(8) if .
AB Optimizing
Without loss of generality, take the power allocation solution in (6) as an example. The corresponding overall energy consumption is given by
(9)  
By defining , the overall energy consumption can be simplified as follows:
(10) 
Define which is shown to be a monotonically decreasing function of for , where is a constant. The first order derivative of is given by
(11) 
Further define . One can find that is a monotonically decreasing function of for , since
(12) 
Therefore, is a monotonically increasing function of , which means , and hence is indeed a monotonically decreasing function of . Therefore, for the hybrid NOMA solution shown in (6). Similarly, also holds for the other power allocation solutions.
AC Comparison of the Solutions
AC1 Comparing the two hybrid NOMA solutions
For the case of , the two hybrid NOMA solutions are feasible, and we will show that the solution in (7) outperforms the one in (6).
By using the fact that , the overall energy consumption for the solution in (7) is given by
(13) 
and the energy consumption of the solution in (6) is given by (10). In order to show , it is sufficient to show that the following inequality holds
(14) 
To prove the inequality in (14), we define the following function
(15) 
where . The first order derivative of is given by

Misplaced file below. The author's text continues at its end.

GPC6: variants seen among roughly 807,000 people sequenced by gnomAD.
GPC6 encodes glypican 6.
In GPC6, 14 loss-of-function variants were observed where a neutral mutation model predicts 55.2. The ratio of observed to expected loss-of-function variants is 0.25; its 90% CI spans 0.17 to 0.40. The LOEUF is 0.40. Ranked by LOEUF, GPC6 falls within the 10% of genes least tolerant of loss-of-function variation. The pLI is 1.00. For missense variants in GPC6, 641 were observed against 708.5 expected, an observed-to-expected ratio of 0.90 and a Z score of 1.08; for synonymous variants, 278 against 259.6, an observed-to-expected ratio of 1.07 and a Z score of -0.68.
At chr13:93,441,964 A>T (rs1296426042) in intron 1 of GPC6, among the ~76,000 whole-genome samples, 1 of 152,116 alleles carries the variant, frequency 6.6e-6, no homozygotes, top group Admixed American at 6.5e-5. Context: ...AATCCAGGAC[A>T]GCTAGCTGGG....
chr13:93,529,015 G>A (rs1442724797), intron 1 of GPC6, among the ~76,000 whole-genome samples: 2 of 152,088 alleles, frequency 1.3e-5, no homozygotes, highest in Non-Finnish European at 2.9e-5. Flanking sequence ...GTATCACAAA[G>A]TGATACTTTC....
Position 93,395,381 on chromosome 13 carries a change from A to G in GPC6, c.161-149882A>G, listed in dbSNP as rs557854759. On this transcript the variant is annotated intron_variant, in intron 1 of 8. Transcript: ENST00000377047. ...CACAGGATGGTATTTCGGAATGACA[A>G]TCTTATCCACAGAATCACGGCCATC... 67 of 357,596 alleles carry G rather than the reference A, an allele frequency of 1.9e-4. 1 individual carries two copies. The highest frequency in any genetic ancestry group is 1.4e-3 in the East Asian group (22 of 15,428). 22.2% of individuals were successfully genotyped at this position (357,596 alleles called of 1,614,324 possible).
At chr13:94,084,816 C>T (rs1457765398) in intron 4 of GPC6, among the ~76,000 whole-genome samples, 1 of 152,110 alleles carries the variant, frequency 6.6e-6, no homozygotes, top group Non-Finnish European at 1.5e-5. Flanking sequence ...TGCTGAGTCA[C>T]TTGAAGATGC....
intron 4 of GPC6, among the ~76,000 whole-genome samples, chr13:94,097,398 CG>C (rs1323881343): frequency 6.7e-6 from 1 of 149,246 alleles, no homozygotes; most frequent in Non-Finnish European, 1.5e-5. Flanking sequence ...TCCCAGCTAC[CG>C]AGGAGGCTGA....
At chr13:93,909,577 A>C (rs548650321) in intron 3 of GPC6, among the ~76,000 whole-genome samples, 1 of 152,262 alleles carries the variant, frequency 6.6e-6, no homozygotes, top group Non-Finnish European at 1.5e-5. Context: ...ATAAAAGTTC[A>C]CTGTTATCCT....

(16) 
By using the fact that , can be upper bounded as follows:
(17) 
which shows that is a monotonically decreasing function of for . Therefore, we have the following inequality
(18) 
Therefore, the inequality in (14) is proved, i.e., for .
AC2 Comparison of hybrid NOMA and pure NOMA
AC3 Comparison of OMA and hybrid NOMA
By following the same steps as in the previous subsection, it is straightforward to show that the hybrid NOMA solution shown in (7) outperforms OMA. The comparison between OMA and the hybrid NOMA solution shown in (6) is challenging and will be focused on in the following.
Recall the energy consumption for OMA is . In order to show , it is sufficient to prove the following inequality
(20)  
where .
Eq. (20) is equivalent to the following inequality:
(21)  
In order to prove (20), we define the following function
(22)  
The inequality in (20) can be proved if , for , which is proved in the following. The first order derivative of is given by
(23) 
which shows that is a monotonically increasing function of . By using the fact that , can be lower bounded as follows:
(24)  
Therefore, is a monotonically decreasing function of . Since , we have
(25) 
which proves the inequality in (20), i.e., . Therefore, hybrid NOMA outperforms pure NOMA and OMA, when all of them are feasible. When both the hybrid solutions are feasible, the solution in (7) outperforms the one in (6). Thus, the proof is complete.
Appendix B Proof for Lemma 2
For the case of , both the two solutions in (1) and (3) are feasible. With some algebraic manipulations, the overall energy consumption realized by the solution in (1) is given by
The overall energy consumption with the solution in (7) is given by (13). In order to show that , it is sufficient to prove the following inequality:
(26) 
In order to prove (26), we define the following function
(27) 
where . The first order derivative of is given by
(28) 
Because , is a monotonically decreasing function of . Given , we have
(29)  
which means that is a monotonically increasing function of for . Therefore,
(30) 
Thus, (26) holds, i.e., . The proof is complete.